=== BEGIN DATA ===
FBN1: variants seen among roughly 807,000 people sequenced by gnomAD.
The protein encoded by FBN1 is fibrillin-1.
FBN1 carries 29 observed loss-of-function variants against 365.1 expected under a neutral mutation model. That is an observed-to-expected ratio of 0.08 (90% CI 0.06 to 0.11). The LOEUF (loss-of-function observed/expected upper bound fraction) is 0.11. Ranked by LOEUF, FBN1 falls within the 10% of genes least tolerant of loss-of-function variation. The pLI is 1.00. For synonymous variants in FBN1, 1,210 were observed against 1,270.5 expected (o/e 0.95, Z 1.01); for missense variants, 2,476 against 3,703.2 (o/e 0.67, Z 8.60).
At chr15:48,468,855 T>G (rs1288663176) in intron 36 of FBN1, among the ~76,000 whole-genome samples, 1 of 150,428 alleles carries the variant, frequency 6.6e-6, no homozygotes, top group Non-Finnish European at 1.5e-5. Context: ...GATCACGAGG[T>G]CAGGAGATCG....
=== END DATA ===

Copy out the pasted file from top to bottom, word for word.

FBN1: variants seen among roughly 807,000 people sequenced by gnomAD.
The protein encoded by FBN1 is fibrillin-1.
FBN1 carries 29 observed loss-of-function variants against 365.1 expected under a neutral mutation model. That is an observed-to-expected ratio of 0.08 (90% CI 0.06 to 0.11). The LOEUF (loss-of-function observed/expected upper bound fraction) is 0.11. Ranked by LOEUF, FBN1 falls within the 10% of genes least tolerant of loss-of-function variation. The pLI is 1.00. For synonymous variants in FBN1, 1,210 were observed against 1,270.5 expected (o/e 0.95, Z 1.01); for missense variants, 2,476 against 3,703.2 (o/e 0.67, Z 8.60).
At chr15:48,468,855 T>G (rs1288663176) in intron 36 of FBN1, among the ~76,000 whole-genome samples, 1 of 150,428 alleles carries the variant, frequency 6.6e-6, no homozygotes, top group Non-Finnish European at 1.5e-5. Context: ...GATCACGAGG[T>G]CAGGAGATCG....